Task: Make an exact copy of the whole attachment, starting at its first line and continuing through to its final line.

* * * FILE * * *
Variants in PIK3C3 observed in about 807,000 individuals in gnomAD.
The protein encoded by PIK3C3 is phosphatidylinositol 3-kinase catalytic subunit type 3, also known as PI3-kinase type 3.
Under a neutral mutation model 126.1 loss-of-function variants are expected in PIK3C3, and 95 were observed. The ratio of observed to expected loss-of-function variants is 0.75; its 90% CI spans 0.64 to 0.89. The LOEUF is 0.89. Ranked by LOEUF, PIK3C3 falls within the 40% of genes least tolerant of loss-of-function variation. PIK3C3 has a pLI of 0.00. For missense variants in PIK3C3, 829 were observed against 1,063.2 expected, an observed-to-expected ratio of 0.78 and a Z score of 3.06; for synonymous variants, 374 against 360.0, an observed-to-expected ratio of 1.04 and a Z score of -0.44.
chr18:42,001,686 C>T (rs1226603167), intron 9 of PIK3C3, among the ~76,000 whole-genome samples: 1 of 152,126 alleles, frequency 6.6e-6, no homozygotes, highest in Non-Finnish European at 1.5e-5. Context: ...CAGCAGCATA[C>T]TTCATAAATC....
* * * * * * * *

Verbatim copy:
Variants in PIK3C3 observed in about 807,000 individuals in gnomAD.
The protein encoded by PIK3C3 is phosphatidylinositol 3-kinase catalytic subunit type 3, also known as PI3-kinase type 3.
Under a neutral mutation model 126.1 loss-of-function variants are expected in PIK3C3, and 95 were observed. The ratio of observed to expected loss-of-function variants is 0.75; its 90% CI spans 0.64 to 0.89. The LOEUF is 0.89. Ranked by LOEUF, PIK3C3 falls within the 40% of genes least tolerant of loss-of-function variation. PIK3C3 has a pLI of 0.00. For missense variants in PIK3C3, 829 were observed against 1,063.2 expected, an observed-to-expected ratio of 0.78 and a Z score of 3.06; for synonymous variants, 374 against 360.0, an observed-to-expected ratio of 1.04 and a Z score of -0.44.
chr18:42,001,686 C>T (rs1226603167), intron 9 of PIK3C3, among the ~76,000 whole-genome samples: 1 of 152,126 alleles, frequency 6.6e-6, no homozygotes, highest in Non-Finnish European at 1.5e-5. Context: ...CAGCAGCATA[C>T]TTCATAAATC....